Dear Professors Who Made False Claims About Post-College Life,
You might have taught us definitions, the importance of media, what a business is, how to successfully write papers, and what books from the 1800s were trying to tell us – but you forgot to mention there’s so much more to learn in life.
One thing you simply ‘forgot’ to teach us was how to get a job. There are millions of jobs out there… Tons of different jobs for each specific field of interest. But which ones are for us recent grads? What kind of jobs should we apply to? What should we search for? Do you, umm, have any connections? What about advice? And not the fake advice you love to give: ‘You will get a job. You went to a great school and have a lot of experience already.’ False. Everyone went to a ‘great school.’ Everyone has the same experience. At least warn us about this. At least warn us that last year’s post-grads (and the year before that too) are applying for the same jobs as us. It would really make us feel a lot better after graduating with our heads held high in the air when they should really be looking straight ahead with a look of fear.
Another thing: We don’t know everything. In fact, what I’ve learned is we really don’t know anything at all. And what we do know, we should keep to ourselves until we are in a management role. No one wants to hire and/or talk to the know-it-all who thinks they know more than the person who has been working at the company for 10 years. You never told us we’d be better off in our jobs keeping our mouths shut about what we learned in class. None of that matters anymore. People do things differently. So even though you (the professor) may have taught us one thing, that doesn’t mean we should tell our boss that they’re doing it wrong. Because no, they’re just doing it differently. And maybe one day, when we are in a position of power, we will teach things our way. But until then, that doesn’t matter. We will be sponges. We will soak everything up that we can and know, for now, that we. know. nothing. Our ‘recent grad’ years are the time to learn. Experience > what you taught us in class (sorry, but it’s true).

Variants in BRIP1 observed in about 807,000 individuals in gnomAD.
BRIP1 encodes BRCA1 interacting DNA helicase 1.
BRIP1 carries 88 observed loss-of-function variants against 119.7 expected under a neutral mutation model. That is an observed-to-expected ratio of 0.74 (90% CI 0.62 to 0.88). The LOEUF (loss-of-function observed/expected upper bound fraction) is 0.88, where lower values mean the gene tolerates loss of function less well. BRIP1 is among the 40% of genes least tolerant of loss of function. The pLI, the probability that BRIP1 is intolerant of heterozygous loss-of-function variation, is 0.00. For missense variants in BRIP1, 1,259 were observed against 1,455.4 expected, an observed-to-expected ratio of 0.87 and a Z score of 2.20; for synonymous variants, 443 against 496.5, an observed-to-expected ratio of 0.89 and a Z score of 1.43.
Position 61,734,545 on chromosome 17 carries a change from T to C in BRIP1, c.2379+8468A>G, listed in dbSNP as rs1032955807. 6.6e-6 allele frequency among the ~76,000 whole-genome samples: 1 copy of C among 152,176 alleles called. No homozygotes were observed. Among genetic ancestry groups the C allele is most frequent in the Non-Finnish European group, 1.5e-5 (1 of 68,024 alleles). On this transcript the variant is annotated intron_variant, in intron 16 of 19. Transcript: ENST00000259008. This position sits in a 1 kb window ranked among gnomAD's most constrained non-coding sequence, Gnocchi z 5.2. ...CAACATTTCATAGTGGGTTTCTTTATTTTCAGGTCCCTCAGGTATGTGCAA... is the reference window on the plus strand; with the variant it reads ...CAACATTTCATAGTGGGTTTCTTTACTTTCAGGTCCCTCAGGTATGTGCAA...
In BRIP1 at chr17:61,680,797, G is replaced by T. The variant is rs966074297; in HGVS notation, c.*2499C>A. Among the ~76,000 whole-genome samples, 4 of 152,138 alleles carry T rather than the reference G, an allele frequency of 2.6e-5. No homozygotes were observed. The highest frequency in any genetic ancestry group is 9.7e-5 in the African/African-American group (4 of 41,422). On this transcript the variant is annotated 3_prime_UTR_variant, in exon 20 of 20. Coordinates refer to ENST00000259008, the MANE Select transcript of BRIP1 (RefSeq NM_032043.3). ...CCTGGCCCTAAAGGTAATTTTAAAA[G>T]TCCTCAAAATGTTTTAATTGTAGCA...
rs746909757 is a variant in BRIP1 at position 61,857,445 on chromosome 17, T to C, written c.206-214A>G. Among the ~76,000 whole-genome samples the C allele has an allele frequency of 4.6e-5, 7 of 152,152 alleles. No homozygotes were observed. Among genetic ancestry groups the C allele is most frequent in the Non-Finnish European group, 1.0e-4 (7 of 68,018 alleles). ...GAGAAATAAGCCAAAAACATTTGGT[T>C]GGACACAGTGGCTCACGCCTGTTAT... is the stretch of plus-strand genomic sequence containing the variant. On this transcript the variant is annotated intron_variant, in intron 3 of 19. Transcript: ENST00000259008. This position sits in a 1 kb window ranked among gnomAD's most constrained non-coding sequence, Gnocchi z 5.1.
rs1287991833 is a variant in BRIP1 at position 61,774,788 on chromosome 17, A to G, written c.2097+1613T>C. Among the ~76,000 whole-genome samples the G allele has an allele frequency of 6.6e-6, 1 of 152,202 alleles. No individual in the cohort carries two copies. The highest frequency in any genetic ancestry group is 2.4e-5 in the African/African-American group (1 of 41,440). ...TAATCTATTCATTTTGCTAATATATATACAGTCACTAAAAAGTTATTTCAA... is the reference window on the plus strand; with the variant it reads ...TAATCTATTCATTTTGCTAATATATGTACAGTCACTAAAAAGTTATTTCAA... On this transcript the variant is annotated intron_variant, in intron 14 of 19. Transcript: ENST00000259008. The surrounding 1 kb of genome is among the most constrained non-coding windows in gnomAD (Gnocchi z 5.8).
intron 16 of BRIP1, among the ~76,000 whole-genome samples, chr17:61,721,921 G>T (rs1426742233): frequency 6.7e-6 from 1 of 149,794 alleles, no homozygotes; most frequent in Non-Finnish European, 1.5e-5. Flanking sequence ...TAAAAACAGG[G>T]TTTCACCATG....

Oh, and yes you may have semi-prepared us for the working world, but what about the real world? You know… the world beyond the working world? The one where we become real people who don’t start school at the end of Summer each year. The one where Summer still means ‘work.’ The one where our lives remain the same on a day to day basis every single year – for the rest of our lives. The one where we are tired every single day, including weekends. Or wait – you are basically still in college and pretty much have your Summers off too, but we’ll ignore that for now. Life after college isn’t just about work and getting jobs. It’s much more than that. And if you build it up to be this awesome time period in our lives where we will surpass any expectations that anyone had of us, you will just disappoint us even further. You should have prepared us for the loneliness we will feel not living next door (or in the same apartment/house) as all of our friends. You should have prepared us for the ‘I-have-no-friends‘ feeling we will feel basically every day except that one day every two months where all our friends somehow manage to get together despite our ever-so-busy schedules. I know you don’t want to make us upset, but it would have been nice to know what it’s like out here before we arrived.